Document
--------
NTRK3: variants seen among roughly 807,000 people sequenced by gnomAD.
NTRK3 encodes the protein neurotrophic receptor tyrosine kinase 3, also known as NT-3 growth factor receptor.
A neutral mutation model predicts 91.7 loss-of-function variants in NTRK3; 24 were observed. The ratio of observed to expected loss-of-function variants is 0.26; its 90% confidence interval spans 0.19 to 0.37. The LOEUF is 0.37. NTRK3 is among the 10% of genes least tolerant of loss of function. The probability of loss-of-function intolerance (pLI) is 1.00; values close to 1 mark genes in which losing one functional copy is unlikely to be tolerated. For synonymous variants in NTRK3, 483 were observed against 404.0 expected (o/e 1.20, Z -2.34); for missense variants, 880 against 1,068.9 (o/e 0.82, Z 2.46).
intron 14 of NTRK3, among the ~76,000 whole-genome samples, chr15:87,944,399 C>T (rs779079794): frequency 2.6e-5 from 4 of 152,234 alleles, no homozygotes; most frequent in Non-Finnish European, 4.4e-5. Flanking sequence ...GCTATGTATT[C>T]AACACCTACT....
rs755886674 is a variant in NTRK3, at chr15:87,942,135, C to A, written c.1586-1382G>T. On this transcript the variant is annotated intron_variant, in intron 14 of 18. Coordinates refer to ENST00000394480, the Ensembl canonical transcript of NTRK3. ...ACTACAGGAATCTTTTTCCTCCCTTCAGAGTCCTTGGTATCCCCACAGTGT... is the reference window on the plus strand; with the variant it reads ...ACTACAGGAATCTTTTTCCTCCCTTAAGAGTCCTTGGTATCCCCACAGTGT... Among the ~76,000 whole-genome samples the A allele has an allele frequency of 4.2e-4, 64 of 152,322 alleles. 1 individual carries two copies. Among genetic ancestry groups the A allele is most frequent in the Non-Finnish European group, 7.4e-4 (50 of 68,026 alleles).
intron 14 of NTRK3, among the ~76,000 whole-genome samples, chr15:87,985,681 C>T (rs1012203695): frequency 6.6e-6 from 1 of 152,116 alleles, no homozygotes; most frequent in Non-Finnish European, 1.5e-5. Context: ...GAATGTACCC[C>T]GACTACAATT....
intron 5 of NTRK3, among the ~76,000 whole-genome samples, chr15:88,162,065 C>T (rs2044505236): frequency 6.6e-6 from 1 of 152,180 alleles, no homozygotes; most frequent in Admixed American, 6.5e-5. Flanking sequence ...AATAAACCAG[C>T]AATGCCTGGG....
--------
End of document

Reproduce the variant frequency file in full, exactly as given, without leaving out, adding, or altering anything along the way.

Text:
NTRK3: variants seen among roughly 807,000 people sequenced by gnomAD.
NTRK3 encodes the protein neurotrophic receptor tyrosine kinase 3, also known as NT-3 growth factor receptor.
A neutral mutation model predicts 91.7 loss-of-function variants in NTRK3; 24 were observed. The ratio of observed to expected loss-of-function variants is 0.26; its 90% confidence interval spans 0.19 to 0.37. The LOEUF is 0.37. NTRK3 is among the 10% of genes least tolerant of loss of function. The probability of loss-of-function intolerance (pLI) is 1.00; values close to 1 mark genes in which losing one functional copy is unlikely to be tolerated. For synonymous variants in NTRK3, 483 were observed against 404.0 expected (o/e 1.20, Z -2.34); for missense variants, 880 against 1,068.9 (o/e 0.82, Z 2.46).
intron 14 of NTRK3, among the ~76,000 whole-genome samples, chr15:87,944,399 C>T (rs779079794): frequency 2.6e-5 from 4 of 152,234 alleles, no homozygotes; most frequent in Non-Finnish European, 4.4e-5. Flanking sequence ...GCTATGTATT[C>T]AACACCTACT....
rs755886674 is a variant in NTRK3, at chr15:87,942,135, C to A, written c.1586-1382G>T. On this transcript the variant is annotated intron_variant, in intron 14 of 18. Coordinates refer to ENST00000394480, the Ensembl canonical transcript of NTRK3. ...ACTACAGGAATCTTTTTCCTCCCTTCAGAGTCCTTGGTATCCCCACAGTGT... is the reference window on the plus strand; with the variant it reads ...ACTACAGGAATCTTTTTCCTCCCTTAAGAGTCCTTGGTATCCCCACAGTGT... Among the ~76,000 whole-genome samples the A allele has an allele frequency of 4.2e-4, 64 of 152,322 alleles. 1 individual carries two copies. Among genetic ancestry groups the A allele is most frequent in the Non-Finnish European group, 7.4e-4 (50 of 68,026 alleles).
intron 14 of NTRK3, among the ~76,000 whole-genome samples, chr15:87,985,681 C>T (rs1012203695): frequency 6.6e-6 from 1 of 152,116 alleles, no homozygotes; most frequent in Non-Finnish European, 1.5e-5. Context: ...GAATGTACCC[C>T]GACTACAATT....
intron 5 of NTRK3, among the ~76,000 whole-genome samples, chr15:88,162,065 C>T (rs2044505236): frequency 6.6e-6 from 1 of 152,180 alleles, no homozygotes; most frequent in Admixed American, 6.5e-5. Flanking sequence ...AATAAACCAG[C>T]AATGCCTGGG....